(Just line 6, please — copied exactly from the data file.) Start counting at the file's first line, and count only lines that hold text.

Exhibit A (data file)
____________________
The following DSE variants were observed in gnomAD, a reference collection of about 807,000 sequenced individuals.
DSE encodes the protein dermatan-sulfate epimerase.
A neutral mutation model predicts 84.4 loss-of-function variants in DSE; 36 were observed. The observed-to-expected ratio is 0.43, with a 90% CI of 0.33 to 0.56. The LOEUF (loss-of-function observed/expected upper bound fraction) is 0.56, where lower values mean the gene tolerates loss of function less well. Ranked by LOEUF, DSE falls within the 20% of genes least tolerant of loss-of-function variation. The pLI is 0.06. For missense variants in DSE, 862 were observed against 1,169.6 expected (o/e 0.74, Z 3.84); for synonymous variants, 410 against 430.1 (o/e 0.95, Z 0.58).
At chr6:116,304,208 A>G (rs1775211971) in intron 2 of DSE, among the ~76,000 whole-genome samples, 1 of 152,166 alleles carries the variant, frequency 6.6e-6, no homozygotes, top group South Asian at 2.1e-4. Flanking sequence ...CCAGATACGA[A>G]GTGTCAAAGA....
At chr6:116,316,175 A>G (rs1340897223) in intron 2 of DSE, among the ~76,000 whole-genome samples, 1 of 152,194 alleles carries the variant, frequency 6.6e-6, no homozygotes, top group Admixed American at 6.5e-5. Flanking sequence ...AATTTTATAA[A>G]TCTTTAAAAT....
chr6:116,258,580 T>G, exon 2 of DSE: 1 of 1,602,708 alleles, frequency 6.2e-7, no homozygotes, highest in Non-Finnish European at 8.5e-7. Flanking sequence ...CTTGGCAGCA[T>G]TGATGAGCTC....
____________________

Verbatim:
chr6:116,258,580 T>G, exon 2 of DSE: 1 of 1,602,708 alleles, frequency 6.2e-7, no homozygotes, highest in Non-Finnish European at 8.5e-7. Flanking sequence ...CTTGGCAGCA[T>G]TGATGAGCTC....